In 2022, there were just six kickoff return touchdowns. That is, on average, one every 170 kicks.
Cordarrelle Patterson was one of those few with a 103-yard kickoff return for the Atlanta Falcons in a thrilling 27-24 win against the Chicago Bears. And this wasn’t his first rodeo, as the running back had already had eight kickoff return TDs.
Granted, it can be exciting to watch a long fumble or interception return. But it sure is an adrenaline rush to see a special teams wizard weave through traffic and score on a kickoff return.
And this brings up the question: What have been the longest kickoff returns in NFL history?
(Hint: The record is held by the guy mentioned above.)
Longest Kickoff Returns in NFL History
1. 109 yards – Cordarrelle Patterson, Minnesota Vikings (2013)
In his rookie season, Patterson’s 109-yard run set the record for the longest kickoff return in NFL history. In fact, this is tied for the longest play ever – the same distance as Antonio Cromartie’s and Jamal Agnew’s missed field goal returns. During the first play of the Week 8 game, he went from end zone to end zone, giving the Vikings an early lead against the Green Bay Packers (but they were overpowered by Aaron Rodgers 44-31).
It’s no shock that the running back also has the most kickoff return touchdowns in football history. His ninth broke a tie with Josh Cribbs and Leon Washington (eight apiece).
T-2. 108 yards – David Johnson, Arizona Cardinals (2015)
Johnson is the most recent returner to tie the 108-yard kickoff return mark, making the list in the second game of his career. Like with Patterson, Johnson’s run happened on the first play of the game. And that same day, he ran for another touchdown, helping the Cardinals rout the Bears 48-23.
T-2. 108 yards – Jacoby Jones, Baltimore Ravens (2012/14)
Impressively enough, Jones is the only player to make the list twice, with two 108-yard returns under his belt. His first came just after halftime in a game against the Dallas Cowboys in 2012 – off a kick from Justin Tucker, who holds the record for the longest field goal in NFL history. And that touchdown was vital, as Baltimore narrowly beat Dallas 31-29. Just two years later, the wide receiver repeated the feat in a 43-23 loss against Ben Roethlisberger’s Pittsburgh Steelers.
T-2. 108 yards – Knile Davis, Kansas City Chiefs (2013)
Though Davis played just three years in the NFL, he made his mark with a 108-yard return in 2013. In a late-season game against the Denver Broncos, Davis’s run gave the Chiefs an early lead. But his speed was not enough to offset the strength of Peyton Manning and the Broncos as his team lost 35-28.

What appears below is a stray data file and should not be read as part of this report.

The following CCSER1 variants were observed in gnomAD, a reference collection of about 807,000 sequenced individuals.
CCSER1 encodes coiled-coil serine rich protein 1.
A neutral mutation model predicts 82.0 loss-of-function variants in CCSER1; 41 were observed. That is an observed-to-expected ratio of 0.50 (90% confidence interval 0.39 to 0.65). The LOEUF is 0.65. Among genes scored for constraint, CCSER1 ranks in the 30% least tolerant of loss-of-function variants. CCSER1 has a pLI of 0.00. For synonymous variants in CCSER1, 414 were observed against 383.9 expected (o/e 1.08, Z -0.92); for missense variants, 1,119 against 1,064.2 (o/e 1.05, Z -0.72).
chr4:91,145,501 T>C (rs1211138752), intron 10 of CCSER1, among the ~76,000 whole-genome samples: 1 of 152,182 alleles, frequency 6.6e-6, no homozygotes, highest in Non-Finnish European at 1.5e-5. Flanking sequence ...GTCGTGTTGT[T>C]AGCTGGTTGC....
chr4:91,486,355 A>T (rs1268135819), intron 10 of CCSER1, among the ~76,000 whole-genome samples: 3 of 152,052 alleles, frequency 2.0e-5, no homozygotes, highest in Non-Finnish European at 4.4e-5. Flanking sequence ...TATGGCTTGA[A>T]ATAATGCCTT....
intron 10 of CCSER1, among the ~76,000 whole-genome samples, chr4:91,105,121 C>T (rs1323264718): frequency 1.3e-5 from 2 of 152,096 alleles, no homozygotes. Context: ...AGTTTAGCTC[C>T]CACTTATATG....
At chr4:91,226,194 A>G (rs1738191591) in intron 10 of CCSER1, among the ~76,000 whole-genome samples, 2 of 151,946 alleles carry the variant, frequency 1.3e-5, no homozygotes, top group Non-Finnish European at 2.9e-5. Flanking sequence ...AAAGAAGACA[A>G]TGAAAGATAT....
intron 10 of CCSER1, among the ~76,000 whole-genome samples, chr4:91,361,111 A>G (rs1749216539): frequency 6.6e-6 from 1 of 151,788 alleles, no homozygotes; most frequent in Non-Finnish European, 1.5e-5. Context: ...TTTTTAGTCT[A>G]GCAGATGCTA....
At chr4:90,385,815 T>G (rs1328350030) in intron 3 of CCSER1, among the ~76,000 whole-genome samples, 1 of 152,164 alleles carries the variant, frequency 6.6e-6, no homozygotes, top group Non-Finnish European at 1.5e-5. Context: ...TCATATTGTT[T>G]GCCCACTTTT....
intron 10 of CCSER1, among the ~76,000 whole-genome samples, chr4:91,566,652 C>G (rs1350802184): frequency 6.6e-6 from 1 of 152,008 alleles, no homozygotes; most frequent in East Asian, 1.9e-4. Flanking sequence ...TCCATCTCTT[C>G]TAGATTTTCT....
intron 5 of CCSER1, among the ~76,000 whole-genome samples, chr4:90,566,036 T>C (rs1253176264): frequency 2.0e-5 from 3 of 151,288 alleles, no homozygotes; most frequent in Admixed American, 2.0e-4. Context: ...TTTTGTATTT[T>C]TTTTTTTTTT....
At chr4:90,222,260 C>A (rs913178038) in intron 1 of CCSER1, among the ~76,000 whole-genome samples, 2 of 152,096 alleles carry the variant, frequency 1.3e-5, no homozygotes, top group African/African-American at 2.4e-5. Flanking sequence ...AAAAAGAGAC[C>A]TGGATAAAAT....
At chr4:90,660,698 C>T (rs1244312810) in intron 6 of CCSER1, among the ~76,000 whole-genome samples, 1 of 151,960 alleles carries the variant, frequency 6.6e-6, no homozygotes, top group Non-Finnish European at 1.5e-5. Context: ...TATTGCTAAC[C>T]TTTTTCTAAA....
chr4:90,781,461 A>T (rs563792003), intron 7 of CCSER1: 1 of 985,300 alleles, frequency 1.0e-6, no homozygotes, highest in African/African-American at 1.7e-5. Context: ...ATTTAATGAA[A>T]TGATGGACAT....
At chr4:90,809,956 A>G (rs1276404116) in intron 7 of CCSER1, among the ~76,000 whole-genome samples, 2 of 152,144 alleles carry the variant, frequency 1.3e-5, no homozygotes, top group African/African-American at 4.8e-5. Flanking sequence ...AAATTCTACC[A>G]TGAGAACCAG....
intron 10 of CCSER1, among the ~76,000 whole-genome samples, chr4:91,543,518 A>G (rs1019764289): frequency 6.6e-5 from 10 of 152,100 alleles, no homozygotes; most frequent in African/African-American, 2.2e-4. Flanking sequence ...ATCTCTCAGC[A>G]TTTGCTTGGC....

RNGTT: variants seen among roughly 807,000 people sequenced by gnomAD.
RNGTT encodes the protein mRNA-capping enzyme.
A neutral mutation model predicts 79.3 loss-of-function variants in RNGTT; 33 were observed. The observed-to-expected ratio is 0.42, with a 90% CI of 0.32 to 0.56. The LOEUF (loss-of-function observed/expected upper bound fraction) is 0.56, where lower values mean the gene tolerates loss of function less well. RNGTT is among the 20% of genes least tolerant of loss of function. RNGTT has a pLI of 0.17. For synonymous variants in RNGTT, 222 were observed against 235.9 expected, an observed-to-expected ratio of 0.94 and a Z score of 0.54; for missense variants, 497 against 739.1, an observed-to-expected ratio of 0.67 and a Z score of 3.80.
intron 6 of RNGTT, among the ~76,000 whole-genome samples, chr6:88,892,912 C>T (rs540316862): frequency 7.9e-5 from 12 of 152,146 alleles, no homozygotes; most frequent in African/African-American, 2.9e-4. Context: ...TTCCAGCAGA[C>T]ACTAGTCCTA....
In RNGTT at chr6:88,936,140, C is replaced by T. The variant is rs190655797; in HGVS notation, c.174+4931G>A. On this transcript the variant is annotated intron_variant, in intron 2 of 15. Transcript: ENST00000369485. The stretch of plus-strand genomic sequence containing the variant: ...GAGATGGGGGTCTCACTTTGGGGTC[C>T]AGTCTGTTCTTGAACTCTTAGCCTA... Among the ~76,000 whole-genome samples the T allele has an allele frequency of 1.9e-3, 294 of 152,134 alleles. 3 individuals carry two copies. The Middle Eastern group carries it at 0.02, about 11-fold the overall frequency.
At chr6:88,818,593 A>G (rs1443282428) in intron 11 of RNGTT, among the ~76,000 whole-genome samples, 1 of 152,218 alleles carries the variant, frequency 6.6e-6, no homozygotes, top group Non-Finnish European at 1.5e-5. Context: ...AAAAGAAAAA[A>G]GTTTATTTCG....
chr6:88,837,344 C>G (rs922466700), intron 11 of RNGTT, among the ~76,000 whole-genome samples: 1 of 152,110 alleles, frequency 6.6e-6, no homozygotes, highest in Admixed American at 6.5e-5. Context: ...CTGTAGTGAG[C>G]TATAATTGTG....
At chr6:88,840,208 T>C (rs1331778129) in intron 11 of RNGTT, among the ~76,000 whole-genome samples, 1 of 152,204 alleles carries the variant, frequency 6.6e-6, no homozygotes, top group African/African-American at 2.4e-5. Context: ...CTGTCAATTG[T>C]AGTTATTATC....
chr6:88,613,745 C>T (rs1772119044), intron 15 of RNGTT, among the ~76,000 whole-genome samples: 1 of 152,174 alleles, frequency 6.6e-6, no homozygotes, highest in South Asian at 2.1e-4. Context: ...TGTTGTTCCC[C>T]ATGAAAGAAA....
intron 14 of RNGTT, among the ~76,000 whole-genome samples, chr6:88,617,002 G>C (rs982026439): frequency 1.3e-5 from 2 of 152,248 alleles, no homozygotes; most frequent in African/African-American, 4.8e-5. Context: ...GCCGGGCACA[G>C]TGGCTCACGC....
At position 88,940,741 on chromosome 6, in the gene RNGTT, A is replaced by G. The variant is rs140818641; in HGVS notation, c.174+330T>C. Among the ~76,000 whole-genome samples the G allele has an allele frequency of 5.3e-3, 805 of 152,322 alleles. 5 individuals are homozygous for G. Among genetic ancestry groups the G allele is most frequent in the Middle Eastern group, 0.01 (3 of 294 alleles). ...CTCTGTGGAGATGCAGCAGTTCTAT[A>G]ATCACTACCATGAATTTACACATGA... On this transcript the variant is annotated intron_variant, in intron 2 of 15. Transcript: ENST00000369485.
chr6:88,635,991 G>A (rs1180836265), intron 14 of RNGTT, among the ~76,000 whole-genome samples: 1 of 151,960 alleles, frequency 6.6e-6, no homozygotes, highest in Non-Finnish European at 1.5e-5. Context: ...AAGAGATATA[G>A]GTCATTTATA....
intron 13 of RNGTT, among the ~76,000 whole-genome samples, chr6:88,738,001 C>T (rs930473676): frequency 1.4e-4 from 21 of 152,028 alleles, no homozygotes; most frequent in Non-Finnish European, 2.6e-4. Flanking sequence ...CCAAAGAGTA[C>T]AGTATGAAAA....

T-2. 108 yards – Randall Cobb, Green Bay Packers (2011)
In his first career game, Cobb became the second player to return a kick for 108 yards. This Week 1 matchup was a battle of the quarterbacks, with Drew Brees of the New Orleans Saints against Aaron Rodgers of the Packers. And after Cobb’s kick return in the third quarter, the Packers held a 35-20 advantage – one they held in a 42-34 win.
T-2. 108 yards – Ellis Hobbs, New England Patriots (2007)
In 2007, Hobbs set the then-record for longest kickoff return with a 108-yard run. In a 38-14 win against the New York Jets, Hobbs’ run – off a Stephen Gostkowski kick – added to Tom Brady and the Patriots lead.
T-7. 107 yards – Josh Huff, Philadelphia Eagles (2014)
T-7. 107 yards – Joe McKnight, New York Jets (2011)
Longest Kickoff Returns in Super Bowl History
1. 108 yards – Jacoby Jones, Baltimore Ravens (2012)
Not only does Jones have two 108-yard kickoff returns in the regular season, but he also holds the NFL record for longest in Super Bowl history. His 108-yard run after halftime extended the Ravens’ lead to 28-6. The San Francisco 49ers nearly came back from the deficit, but the Ravens were able to hold strong and won 34-31.
2. 99 yards (TD) – Desmond Howard, Green Bay Packers (1996)
In 1996, Howard set the record for football’s longest Super Bowl kickoff return, one that stood for over two decades. The Hall-of-Fame return specialist, who ranks ninth all time in return yards, ran for 99 yards late in the third quarter. And the Packers beat the Patriots 35-21 after both teams went scoreless in the fourth.
T-3. 98 yards (TD) – Andrew Coleman, San Diego Chargers (1994)
T-3. 98 yards (TD) – Fulton Walker, Miami Dolphins (1981)
5. 97 yards (TD) – Ron Dixon, New York Giants (2000)
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